Thursday, November 8, 2012

Elephant Can Speak Korean, Why Can't Foreigners?

An Asian elephant at a zoo in South Korea has learned to speak Korean, raising questions about why foreigners who also have big noses struggle so much with the world’s most scientific language.

The elephant – who is called Koshik – is capable of saying "hello", "good", "no", "sit down", "lie down", "how much?", "kimchi", "bibimbap" and "Dokdo" by using his trunk to do the work of his lips, a skill foreigners have yet to master.

After studying the phenomenon, 58-year-old Professor Kim of Seoul International University has discovered – in original research not previously published in non-Korean journals and not done by his research assistants – that elephants have bigger brains than foreigners. This may also explain why these comparatively small-brained foreigners appear to struggle to understand Korean, as well as why Korea's unique culture means they are wrong in any given discussion. Previously, the suspicion had fallen on their impure blood.

Scientists have speculated that Koshik achieved his ability in the Korean language after he was deliberately isolated from other elephants at the age of 5 following his refusal to point to Dokdo with his trunk on a map of the East Sea to entertain visitors at the Everland Zoo. The isolation lasted from 1995 to 2002. Attempts have been made to isolate foreign English teachers at remote schools in Korea, but they usually mysteriously disappear long before the seven-year period Koshik was kept separated from his species.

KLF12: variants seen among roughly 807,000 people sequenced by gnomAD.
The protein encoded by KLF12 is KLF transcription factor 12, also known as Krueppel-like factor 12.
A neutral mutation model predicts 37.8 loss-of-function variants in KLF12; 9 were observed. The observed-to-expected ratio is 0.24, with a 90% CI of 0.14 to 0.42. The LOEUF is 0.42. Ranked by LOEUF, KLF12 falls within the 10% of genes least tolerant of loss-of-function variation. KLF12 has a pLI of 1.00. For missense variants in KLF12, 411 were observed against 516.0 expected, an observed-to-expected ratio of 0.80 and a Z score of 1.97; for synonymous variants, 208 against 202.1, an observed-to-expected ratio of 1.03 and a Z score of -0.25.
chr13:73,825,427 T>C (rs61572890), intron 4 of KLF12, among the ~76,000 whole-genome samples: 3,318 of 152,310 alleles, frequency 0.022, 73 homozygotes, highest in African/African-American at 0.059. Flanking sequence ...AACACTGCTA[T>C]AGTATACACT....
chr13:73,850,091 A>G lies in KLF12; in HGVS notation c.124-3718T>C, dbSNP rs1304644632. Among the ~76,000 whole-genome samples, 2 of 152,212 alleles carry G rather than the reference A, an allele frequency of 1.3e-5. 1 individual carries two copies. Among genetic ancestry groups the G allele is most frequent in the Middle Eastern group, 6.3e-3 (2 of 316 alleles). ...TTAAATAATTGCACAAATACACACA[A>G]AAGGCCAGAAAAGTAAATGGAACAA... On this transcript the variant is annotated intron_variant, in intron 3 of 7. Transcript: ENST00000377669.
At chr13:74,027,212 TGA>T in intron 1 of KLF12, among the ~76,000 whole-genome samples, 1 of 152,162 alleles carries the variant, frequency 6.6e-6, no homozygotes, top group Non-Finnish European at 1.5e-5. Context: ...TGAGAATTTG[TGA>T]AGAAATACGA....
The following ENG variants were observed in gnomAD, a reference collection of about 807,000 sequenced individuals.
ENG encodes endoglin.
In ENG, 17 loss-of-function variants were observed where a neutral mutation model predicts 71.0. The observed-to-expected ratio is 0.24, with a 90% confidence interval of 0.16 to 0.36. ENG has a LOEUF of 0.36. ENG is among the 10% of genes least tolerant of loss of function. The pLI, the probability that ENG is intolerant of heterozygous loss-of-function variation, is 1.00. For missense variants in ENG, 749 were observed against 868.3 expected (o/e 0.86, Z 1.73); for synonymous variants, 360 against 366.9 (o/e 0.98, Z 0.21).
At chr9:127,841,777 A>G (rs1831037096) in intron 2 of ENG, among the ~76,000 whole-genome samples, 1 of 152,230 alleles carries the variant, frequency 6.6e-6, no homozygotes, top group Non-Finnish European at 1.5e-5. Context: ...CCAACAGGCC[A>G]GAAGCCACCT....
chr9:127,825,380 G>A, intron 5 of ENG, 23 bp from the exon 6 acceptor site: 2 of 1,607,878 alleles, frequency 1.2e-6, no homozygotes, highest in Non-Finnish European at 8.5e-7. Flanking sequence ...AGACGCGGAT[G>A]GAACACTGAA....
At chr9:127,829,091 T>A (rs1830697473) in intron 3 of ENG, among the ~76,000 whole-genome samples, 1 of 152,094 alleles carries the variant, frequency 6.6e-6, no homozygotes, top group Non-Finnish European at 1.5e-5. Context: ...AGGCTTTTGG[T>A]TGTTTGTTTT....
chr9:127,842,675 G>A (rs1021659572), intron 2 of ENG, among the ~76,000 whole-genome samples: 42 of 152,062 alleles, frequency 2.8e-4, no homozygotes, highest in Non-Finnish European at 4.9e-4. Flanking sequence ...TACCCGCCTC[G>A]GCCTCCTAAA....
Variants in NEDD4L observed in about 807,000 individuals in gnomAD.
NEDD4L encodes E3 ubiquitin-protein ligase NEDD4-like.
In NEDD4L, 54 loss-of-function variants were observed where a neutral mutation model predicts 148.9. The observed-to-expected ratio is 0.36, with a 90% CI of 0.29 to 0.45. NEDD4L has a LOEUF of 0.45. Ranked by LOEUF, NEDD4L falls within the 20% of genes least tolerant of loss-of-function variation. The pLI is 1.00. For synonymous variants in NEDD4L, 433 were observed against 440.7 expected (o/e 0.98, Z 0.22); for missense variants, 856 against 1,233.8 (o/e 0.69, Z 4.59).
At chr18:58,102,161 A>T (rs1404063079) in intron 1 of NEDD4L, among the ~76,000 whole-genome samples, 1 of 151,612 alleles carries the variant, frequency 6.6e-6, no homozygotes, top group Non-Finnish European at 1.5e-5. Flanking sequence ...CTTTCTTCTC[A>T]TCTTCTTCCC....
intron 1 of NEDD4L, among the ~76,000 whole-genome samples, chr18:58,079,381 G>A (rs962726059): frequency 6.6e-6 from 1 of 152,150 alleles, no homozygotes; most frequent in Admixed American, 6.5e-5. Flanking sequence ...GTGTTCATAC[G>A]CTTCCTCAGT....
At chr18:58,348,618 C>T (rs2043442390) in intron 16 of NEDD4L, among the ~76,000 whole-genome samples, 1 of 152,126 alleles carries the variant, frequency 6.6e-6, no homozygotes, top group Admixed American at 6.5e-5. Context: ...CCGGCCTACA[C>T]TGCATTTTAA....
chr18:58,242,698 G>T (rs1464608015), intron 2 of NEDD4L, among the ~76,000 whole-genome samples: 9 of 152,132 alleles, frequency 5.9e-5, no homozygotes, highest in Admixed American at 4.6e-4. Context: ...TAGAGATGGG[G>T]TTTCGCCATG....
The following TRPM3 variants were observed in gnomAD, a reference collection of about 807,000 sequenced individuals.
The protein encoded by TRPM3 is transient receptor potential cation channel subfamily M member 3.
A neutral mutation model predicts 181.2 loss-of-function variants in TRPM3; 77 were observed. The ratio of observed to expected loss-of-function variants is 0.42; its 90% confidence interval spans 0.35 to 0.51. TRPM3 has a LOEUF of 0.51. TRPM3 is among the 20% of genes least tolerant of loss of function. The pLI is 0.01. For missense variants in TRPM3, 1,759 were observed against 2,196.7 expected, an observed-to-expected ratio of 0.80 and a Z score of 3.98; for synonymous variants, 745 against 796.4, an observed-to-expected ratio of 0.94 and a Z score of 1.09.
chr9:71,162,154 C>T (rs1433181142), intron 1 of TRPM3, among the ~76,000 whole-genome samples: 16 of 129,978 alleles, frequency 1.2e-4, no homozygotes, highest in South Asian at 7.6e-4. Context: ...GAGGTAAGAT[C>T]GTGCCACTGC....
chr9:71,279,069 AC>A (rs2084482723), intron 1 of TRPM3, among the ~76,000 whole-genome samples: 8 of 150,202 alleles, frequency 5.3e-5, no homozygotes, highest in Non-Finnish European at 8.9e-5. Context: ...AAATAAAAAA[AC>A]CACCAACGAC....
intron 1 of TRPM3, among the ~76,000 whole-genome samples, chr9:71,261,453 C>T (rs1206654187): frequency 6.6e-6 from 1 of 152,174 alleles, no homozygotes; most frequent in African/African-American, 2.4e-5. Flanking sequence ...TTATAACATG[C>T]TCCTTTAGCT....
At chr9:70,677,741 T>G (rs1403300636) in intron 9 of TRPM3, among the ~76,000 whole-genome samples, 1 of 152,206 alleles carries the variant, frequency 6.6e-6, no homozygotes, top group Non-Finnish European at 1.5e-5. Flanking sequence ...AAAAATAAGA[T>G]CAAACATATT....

As far as the scientists can tell, Koshik does not actually understand exactly what he says, indicating a mastery of the Korean language usually reserved for the over-50s.

Related Links
Koshik The Elephant Can 'Speak' Korean Out Loud, Scientists Say
Elephant mimics Korean with help of his trunk

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